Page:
An introduction: Teaching for Understanding

In 2016 Central Coast Grammar School began the implementation of Harvard University’s Teaching for Understanding Framework across all learning areas to support the goal of next generation teaching and learning articulated in our strategic plan.


What is Teaching for Understanding?

The Teaching for Understanding Framework was developed by Project Zero at the Harvard Graduate School of Education.  It is a systematic research-based approach which is a simple, flexible and powerful way of re-structuring learning to focus on understanding. The framework supports students move from ‘knowing and doing’ to ‘understanding and applying’.

Understanding is more than skills and knowledge: it is the ability to grasp the principles behind ideas and to apply them in new contexts.  In our rapidly changing world, it is this ability to understand and apply that matters, not how much we know.  From understanding we can build knowledge.

The framework ensures that the purpose of learning – why we’re learning and why it matters – is clearly articulated in every subject, every unit and every lesson right across the school.  When students question, ‘Why am I learning this?’ teachers have meaningful answers, demonstrated through relevant learning activities.  This means that teachers and students are working together towards a common learning goal that guarantees every activity has purpose and student achievement is focused and monitored precisely.

The framework helps teachers consider the curriculum and identify topics, concepts and skills that are important to understand; develop understanding goals that help students focus on the critical aspects of those topics; engage students in challenging learning experiences that demonstrate their understanding; and develop effective assessment practices that deepen student understanding.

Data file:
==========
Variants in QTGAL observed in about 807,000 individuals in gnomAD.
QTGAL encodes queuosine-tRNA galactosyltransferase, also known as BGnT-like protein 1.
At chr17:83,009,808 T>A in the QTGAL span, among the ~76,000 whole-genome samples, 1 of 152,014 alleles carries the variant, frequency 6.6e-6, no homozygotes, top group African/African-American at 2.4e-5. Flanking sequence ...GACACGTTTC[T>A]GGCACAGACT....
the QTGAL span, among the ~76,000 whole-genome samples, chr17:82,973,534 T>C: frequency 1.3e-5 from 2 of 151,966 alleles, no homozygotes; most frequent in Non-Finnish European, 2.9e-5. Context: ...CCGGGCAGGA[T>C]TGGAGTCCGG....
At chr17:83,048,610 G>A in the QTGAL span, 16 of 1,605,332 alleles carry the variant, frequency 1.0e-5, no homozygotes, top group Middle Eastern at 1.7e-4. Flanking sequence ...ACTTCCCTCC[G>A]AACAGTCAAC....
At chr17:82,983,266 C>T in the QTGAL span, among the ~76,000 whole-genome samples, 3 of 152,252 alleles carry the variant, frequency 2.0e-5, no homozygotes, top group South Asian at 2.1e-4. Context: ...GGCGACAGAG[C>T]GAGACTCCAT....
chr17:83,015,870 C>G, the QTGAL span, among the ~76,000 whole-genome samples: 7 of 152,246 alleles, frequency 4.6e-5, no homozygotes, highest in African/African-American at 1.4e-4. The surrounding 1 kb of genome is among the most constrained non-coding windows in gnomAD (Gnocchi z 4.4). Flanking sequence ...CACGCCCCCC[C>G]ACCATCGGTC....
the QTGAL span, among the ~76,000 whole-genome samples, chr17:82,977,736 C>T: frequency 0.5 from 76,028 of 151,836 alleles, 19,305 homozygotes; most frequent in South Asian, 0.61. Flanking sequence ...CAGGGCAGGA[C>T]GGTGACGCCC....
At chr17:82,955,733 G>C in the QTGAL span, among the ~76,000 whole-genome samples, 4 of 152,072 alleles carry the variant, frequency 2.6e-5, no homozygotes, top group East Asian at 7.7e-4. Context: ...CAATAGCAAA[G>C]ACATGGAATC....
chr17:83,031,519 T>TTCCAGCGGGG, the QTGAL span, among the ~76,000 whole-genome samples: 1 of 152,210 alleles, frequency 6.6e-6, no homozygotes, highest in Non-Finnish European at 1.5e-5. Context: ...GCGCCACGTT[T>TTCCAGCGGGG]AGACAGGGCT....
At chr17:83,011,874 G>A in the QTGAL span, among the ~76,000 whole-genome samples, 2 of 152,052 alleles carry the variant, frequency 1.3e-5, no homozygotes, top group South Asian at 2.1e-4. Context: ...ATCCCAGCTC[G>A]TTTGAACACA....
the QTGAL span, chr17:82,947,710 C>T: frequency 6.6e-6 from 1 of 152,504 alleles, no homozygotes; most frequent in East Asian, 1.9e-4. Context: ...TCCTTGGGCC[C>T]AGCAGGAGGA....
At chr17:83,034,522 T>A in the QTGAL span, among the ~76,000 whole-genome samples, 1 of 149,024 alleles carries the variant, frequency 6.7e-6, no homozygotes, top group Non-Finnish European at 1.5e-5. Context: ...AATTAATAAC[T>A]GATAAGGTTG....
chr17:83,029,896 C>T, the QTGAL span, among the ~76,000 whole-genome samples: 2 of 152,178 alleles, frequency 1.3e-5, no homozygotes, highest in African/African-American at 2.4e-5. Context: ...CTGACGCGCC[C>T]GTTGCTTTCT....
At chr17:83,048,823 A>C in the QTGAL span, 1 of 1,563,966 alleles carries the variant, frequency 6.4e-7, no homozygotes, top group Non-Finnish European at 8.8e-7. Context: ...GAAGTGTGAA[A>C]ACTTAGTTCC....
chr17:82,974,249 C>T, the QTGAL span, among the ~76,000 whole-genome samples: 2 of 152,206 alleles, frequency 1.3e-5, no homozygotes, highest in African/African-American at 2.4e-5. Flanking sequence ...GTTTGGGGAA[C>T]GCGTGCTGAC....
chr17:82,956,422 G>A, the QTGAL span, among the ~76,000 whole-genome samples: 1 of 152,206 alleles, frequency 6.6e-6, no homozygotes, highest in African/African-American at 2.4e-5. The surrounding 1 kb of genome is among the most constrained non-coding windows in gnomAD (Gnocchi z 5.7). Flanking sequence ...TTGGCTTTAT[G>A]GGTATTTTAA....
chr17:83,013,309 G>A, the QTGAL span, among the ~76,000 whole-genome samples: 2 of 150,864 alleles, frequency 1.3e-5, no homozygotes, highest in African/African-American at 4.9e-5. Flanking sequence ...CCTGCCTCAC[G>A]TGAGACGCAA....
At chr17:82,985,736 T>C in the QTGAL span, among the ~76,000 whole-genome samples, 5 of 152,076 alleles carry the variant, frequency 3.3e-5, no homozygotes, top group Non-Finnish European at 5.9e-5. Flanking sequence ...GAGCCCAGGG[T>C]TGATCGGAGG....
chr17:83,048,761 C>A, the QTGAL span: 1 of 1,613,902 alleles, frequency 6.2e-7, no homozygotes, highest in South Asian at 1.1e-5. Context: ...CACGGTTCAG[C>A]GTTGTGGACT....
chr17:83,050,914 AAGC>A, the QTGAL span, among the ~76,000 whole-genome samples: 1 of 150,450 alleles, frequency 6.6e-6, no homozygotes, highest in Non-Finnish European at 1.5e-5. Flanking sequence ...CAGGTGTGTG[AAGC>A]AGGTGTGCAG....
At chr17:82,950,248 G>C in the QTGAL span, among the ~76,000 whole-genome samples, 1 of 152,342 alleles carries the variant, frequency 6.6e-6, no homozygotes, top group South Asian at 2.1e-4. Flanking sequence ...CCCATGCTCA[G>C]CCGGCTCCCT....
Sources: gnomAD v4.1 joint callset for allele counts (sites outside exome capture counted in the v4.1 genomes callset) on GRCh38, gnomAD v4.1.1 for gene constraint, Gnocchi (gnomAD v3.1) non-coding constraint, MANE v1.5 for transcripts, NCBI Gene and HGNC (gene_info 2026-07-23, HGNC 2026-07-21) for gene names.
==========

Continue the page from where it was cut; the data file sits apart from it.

Why this unified approach to teaching and learning?

It is essential that students are able to transfer knowledge across the boundaries of subject disciplines.  Similarly, they must be able to connect their learning to the real world and to understand the threads that link ideas and processes together.

Our students face a future where many traditional industries will merge and blend, where processes will evolve beyond what we know and where knowledge is readily accessible if we understand where to look and how to use it.

It is our intent to equip our students for this world: to instil in them the understandings they need to build the knowledge and skill they will require to lead rewarding lives. 

Understanding and application are essential to effective learning and academic performance.  The framework provides the school, our students and our teachers with a consistent approach and common language for learning.


How we are implementing it?

Over 2017, teachers have been working in collaborative teams to implement Teaching for Understanding right across the school. A conference led by our teachers shared their learning and experiences about the framework to other teachers.  This approach to collegial learning – learning from the growing expertise amongst our own staff – will continue to be a focus of continuing professional development.

Thirty staff have also completed the Teaching for Understanding online course through the Harvard Graduate School of Education.  Each semester a new cohort of teachers will work in teams to undertake the course and develop their understanding of the framework.

Practical tools in the classroom

The Teaching for Understanding Framework is a strategic approach to teaching and learning. However, in the classroom practical tools are still required to bridge overarching understanding goals to learning and assessment. Good thinking leads to good learning so visible thinking practices are being introduced. The introduction of ‘thinking routines’ (practical and simple strategies and key questions that deepen students' thinking) build metacognitive skills and get students in the habit of observing, analysing and questioning. Thinking routines help teachers clearly identify what students know and understand.